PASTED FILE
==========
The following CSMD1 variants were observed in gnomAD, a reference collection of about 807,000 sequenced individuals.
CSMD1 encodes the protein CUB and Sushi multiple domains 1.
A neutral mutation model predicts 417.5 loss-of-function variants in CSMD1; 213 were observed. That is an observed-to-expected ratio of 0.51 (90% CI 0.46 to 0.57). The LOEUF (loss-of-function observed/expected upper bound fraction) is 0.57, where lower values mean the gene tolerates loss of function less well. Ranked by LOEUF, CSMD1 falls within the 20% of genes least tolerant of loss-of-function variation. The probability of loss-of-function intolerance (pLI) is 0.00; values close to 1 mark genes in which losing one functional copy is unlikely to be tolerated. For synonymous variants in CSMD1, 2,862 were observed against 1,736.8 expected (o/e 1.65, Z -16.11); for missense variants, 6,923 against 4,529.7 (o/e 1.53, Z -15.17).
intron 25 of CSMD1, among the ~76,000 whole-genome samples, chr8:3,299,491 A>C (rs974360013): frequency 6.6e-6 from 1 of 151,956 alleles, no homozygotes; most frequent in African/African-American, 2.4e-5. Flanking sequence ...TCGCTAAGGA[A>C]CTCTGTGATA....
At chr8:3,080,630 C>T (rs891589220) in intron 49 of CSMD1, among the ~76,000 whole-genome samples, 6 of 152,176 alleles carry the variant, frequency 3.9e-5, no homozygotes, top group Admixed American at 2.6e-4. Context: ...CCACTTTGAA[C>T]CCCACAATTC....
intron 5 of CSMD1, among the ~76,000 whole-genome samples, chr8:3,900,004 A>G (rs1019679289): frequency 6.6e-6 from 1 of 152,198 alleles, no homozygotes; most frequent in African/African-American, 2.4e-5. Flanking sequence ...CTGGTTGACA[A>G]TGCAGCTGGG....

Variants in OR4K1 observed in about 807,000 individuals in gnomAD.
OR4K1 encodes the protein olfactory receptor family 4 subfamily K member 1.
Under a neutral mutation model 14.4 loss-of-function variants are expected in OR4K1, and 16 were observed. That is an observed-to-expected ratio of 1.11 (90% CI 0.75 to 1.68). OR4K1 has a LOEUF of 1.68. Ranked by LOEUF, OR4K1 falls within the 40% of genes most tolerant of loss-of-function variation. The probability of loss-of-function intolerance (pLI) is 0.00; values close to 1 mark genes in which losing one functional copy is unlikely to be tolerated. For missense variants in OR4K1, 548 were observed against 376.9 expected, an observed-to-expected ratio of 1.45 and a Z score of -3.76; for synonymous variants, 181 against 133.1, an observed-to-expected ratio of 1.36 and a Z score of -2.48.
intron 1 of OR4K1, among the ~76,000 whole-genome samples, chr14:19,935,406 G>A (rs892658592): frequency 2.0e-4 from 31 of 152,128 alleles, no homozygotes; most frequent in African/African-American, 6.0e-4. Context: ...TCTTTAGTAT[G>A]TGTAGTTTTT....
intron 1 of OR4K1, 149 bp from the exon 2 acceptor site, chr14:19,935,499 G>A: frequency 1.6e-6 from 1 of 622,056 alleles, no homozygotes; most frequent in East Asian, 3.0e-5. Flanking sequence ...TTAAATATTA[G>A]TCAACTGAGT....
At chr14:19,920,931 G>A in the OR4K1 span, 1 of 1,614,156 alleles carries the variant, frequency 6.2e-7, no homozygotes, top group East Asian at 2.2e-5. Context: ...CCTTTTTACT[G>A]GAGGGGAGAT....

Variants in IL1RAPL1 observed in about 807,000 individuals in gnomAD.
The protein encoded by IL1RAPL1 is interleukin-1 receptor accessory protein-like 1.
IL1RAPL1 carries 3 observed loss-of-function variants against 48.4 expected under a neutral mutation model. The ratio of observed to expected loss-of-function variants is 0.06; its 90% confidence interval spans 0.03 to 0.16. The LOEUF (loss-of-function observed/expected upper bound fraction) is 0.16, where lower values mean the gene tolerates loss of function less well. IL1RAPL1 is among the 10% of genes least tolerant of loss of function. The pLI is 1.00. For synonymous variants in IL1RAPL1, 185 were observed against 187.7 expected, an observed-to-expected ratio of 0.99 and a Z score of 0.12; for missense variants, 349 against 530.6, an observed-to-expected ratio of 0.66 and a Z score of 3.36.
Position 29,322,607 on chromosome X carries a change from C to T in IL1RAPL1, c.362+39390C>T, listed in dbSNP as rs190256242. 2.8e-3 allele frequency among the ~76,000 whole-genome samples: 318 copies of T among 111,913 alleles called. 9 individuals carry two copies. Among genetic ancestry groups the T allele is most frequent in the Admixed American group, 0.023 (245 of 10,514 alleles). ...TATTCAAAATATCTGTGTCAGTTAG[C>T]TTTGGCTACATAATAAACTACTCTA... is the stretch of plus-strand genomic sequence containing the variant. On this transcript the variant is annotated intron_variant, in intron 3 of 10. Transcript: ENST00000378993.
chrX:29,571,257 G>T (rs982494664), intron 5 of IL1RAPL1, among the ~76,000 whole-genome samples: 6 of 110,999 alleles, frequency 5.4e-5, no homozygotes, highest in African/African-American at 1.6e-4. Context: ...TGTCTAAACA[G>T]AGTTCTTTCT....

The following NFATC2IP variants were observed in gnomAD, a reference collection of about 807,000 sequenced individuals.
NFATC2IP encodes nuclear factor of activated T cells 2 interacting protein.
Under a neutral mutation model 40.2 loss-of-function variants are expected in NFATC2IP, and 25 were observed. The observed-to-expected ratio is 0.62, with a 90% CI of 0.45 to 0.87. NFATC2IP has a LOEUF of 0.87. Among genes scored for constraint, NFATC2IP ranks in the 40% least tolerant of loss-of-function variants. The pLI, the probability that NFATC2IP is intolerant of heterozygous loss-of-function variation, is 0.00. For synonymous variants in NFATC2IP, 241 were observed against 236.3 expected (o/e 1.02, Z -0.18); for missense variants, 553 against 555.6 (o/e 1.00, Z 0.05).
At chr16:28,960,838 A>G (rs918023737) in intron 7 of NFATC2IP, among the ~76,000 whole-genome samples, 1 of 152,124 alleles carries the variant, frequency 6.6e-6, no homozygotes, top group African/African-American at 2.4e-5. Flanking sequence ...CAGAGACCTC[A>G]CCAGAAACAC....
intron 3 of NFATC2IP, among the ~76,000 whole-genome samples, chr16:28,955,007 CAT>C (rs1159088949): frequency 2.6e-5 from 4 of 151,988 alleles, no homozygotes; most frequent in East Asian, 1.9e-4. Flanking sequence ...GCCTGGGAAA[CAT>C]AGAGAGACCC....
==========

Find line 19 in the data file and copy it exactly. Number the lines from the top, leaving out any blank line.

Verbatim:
NFATC2IP encodes nuclear factor of activated T cells 2 interacting protein.